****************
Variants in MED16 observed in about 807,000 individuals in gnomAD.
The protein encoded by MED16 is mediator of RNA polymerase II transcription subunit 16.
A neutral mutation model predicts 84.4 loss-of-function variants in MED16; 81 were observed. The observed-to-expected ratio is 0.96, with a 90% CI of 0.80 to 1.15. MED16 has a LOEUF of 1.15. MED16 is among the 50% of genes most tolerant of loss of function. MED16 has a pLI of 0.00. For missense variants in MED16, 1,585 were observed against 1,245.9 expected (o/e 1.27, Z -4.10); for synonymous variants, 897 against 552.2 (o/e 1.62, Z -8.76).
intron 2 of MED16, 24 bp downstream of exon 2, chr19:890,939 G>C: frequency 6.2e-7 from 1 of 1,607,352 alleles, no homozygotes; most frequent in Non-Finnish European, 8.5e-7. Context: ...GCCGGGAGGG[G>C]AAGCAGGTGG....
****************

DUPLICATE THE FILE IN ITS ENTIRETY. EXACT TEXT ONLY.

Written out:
Variants in MED16 observed in about 807,000 individuals in gnomAD.
The protein encoded by MED16 is mediator of RNA polymerase II transcription subunit 16.
A neutral mutation model predicts 84.4 loss-of-function variants in MED16; 81 were observed. The observed-to-expected ratio is 0.96, with a 90% CI of 0.80 to 1.15. MED16 has a LOEUF of 1.15. MED16 is among the 50% of genes most tolerant of loss of function. MED16 has a pLI of 0.00. For missense variants in MED16, 1,585 were observed against 1,245.9 expected (o/e 1.27, Z -4.10); for synonymous variants, 897 against 552.2 (o/e 1.62, Z -8.76).
intron 2 of MED16, 24 bp downstream of exon 2, chr19:890,939 G>C: frequency 6.2e-7 from 1 of 1,607,352 alleles, no homozygotes; most frequent in Non-Finnish European, 8.5e-7. Context: ...GCCGGGAGGG[G>C]AAGCAGGTGG....